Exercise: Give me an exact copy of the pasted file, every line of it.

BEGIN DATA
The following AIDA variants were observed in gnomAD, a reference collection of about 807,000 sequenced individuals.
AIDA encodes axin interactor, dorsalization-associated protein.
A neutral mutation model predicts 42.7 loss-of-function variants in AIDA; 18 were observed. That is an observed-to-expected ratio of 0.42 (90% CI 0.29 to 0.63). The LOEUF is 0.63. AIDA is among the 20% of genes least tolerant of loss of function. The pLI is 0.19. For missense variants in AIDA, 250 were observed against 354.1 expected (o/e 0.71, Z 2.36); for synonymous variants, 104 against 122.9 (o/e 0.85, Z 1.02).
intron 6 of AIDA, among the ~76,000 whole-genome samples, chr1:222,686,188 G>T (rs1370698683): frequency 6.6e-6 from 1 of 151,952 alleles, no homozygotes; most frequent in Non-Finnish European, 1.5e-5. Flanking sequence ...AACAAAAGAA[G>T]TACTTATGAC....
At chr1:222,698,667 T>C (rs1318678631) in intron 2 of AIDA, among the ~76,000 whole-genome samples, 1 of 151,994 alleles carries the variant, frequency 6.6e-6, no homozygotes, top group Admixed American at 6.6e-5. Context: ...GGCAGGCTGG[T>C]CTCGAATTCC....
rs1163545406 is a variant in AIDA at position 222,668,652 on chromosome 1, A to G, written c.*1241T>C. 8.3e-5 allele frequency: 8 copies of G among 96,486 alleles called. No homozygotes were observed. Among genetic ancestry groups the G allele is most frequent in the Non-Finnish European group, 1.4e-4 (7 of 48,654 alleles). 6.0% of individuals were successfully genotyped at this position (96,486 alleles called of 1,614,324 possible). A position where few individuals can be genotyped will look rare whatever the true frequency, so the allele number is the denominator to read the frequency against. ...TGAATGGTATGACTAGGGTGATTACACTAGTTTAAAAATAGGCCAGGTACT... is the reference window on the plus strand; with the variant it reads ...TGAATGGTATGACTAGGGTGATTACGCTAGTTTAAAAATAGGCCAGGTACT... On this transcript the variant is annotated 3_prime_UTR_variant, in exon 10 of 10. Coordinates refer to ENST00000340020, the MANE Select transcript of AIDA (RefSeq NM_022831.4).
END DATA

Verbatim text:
The following AIDA variants were observed in gnomAD, a reference collection of about 807,000 sequenced individuals.
AIDA encodes axin interactor, dorsalization-associated protein.
A neutral mutation model predicts 42.7 loss-of-function variants in AIDA; 18 were observed. That is an observed-to-expected ratio of 0.42 (90% CI 0.29 to 0.63). The LOEUF is 0.63. AIDA is among the 20% of genes least tolerant of loss of function. The pLI is 0.19. For missense variants in AIDA, 250 were observed against 354.1 expected (o/e 0.71, Z 2.36); for synonymous variants, 104 against 122.9 (o/e 0.85, Z 1.02).
intron 6 of AIDA, among the ~76,000 whole-genome samples, chr1:222,686,188 G>T (rs1370698683): frequency 6.6e-6 from 1 of 151,952 alleles, no homozygotes; most frequent in Non-Finnish European, 1.5e-5. Flanking sequence ...AACAAAAGAA[G>T]TACTTATGAC....
At chr1:222,698,667 T>C (rs1318678631) in intron 2 of AIDA, among the ~76,000 whole-genome samples, 1 of 151,994 alleles carries the variant, frequency 6.6e-6, no homozygotes, top group Admixed American at 6.6e-5. Context: ...GGCAGGCTGG[T>C]CTCGAATTCC....
rs1163545406 is a variant in AIDA at position 222,668,652 on chromosome 1, A to G, written c.*1241T>C. 8.3e-5 allele frequency: 8 copies of G among 96,486 alleles called. No homozygotes were observed. Among genetic ancestry groups the G allele is most frequent in the Non-Finnish European group, 1.4e-4 (7 of 48,654 alleles). 6.0% of individuals were successfully genotyped at this position (96,486 alleles called of 1,614,324 possible). A position where few individuals can be genotyped will look rare whatever the true frequency, so the allele number is the denominator to read the frequency against. ...TGAATGGTATGACTAGGGTGATTACACTAGTTTAAAAATAGGCCAGGTACT... is the reference window on the plus strand; with the variant it reads ...TGAATGGTATGACTAGGGTGATTACGCTAGTTTAAAAATAGGCCAGGTACT... On this transcript the variant is annotated 3_prime_UTR_variant, in exon 10 of 10. Coordinates refer to ENST00000340020, the MANE Select transcript of AIDA (RefSeq NM_022831.4).